Chapter 3: Federalism Flashcards Preview

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Flashcards in Chapter 3: Federalism Deck (28):

A system of government in which power is divided, by a constitution, between a central government and regional governments



A centralized government system in which lower levels of government have a little power independent of the national government

Unitary system


Specific powers granted by the Constitution to Congress (Article l, Section 8) and the president (Article ll)

Expressed powers


Powers derived from the necessary and proper clause of article 1, section 8, of the Constitution;

such powers are not specifically expressed but implied through the expansive interpretation of delegated powers

Implied powers


Article 1, section 8, of the Constitution which provides Congress with authority to make laws necessary and proper to carry out its expressed powers

Necessary and proper clause


Powers, derived from the 10th amendment to the constitution, that are not specifically delegated to the national government or denied to the states

Reserved powers


Power reserved to the state government to regulate the health, safety, and morals of its citizens

Police power


Authority possessed by both state and national governments, such as the power to levy taxes

Concurrent powers


Article IV, Section 1, of the Constitution requiring that the states normally honor the public acts and judicial decisions that take place in another state

Full faith and credit clause


Article IV, section 2, of the Constitution that a state cannot discriminate against someone from another state or give its own resident special privileges

Privileges and immunities clause


Power delegated by the state to a local unit of government to manage its own affairs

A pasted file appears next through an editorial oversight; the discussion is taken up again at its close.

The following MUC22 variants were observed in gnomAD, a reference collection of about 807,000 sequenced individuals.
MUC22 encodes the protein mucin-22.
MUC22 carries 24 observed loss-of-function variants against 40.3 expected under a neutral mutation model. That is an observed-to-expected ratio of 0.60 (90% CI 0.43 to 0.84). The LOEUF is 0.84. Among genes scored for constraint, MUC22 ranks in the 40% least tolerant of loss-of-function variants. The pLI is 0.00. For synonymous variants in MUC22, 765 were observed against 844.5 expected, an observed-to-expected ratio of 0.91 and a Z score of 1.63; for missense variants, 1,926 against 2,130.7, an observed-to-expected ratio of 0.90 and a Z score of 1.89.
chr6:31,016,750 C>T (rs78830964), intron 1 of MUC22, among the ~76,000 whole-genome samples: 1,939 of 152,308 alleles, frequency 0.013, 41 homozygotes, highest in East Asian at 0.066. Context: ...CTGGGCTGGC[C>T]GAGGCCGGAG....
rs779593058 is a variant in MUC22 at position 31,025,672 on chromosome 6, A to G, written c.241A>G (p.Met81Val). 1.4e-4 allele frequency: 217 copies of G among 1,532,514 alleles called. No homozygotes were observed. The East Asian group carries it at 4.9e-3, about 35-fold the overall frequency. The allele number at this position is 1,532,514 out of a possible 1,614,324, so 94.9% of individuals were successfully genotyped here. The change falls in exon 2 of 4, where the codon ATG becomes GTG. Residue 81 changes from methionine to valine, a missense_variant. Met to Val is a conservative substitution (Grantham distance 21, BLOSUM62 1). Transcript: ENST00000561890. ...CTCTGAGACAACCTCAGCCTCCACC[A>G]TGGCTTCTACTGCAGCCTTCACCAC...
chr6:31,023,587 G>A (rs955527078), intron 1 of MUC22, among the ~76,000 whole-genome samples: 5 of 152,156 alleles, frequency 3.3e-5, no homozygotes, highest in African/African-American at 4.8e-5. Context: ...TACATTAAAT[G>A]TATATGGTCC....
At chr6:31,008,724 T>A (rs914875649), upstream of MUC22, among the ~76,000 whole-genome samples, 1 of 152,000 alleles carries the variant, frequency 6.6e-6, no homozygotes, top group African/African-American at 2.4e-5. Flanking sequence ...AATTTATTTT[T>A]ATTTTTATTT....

Home rule


The system of government that prevailed in the United States from 1789 to 1937 in which most fundamental governmental powers are shared between the federal and state governments

Dual Federalism


Article 1, section 8, of the Constitution, which delegates to Congress the power "to regulate commerce with foreign nations, and among the several states and with Indian tribes";

This clause was interpreted by the Supreme Court in favor of national power over the economy

Commerce clause


The principle that states should oppose the increasing authority of the national government; this principle was most popular in the period before the Civil War

State's rights


Programs through which Congress provides money to state and local government's on the condition that funds be employed for purposes defined by the federal government



Congressional grants given to states and localities on the condition that expenditures be limited to a problem or group specified by law

Categorical grants


Grant programs in which state and local governments submit proposals to federal agencies and for which funding is provided on a competitive basis

Project grants


Grants-in-aid in which a formula is used to determine the amount of federal funds a state or local government will receive

Formula grants


A type of federalism existing since the New Deal era in which grants-in-aid have been used strategically to encourage states and localities (without commanding them) to pursue nationally defined goals

Cooperative federalism


also known as intergovernmental corporation

Cooperative federalism


A form of federalism in which Congress imposes legislation on state and localities, requiring them to meet national standards

Regulated federalism


The principle that allows the national government to override state or local actions and certain policy areas;
in foreign policy, willingness to strike first in order to prevent an enemy attack



Regulations or conditions for receiving grants that impose costs on state and local governments for which they are not reimbursed by the federal government

Unfunded mandates


A policy to remove a program from one level of government by delegating it or passing it down to a lower level of government, such as from the national government to the state and local governments



Federal grants-in-aid that allow states considerable discretion in how the funds are spent

Block grants


Attempts by President Nixon and Reagan to return power to the states through block grants

New federalism


The process by which one unit of government yields a portion of its tax income to another unit of government, according to an established formula;

revenue sharing typically involves the national government providing money to state governments

General revenue sharing


Economic policies designed to control the economy through taxing and spending, with the goal of benefiting the poor

Redistributive programs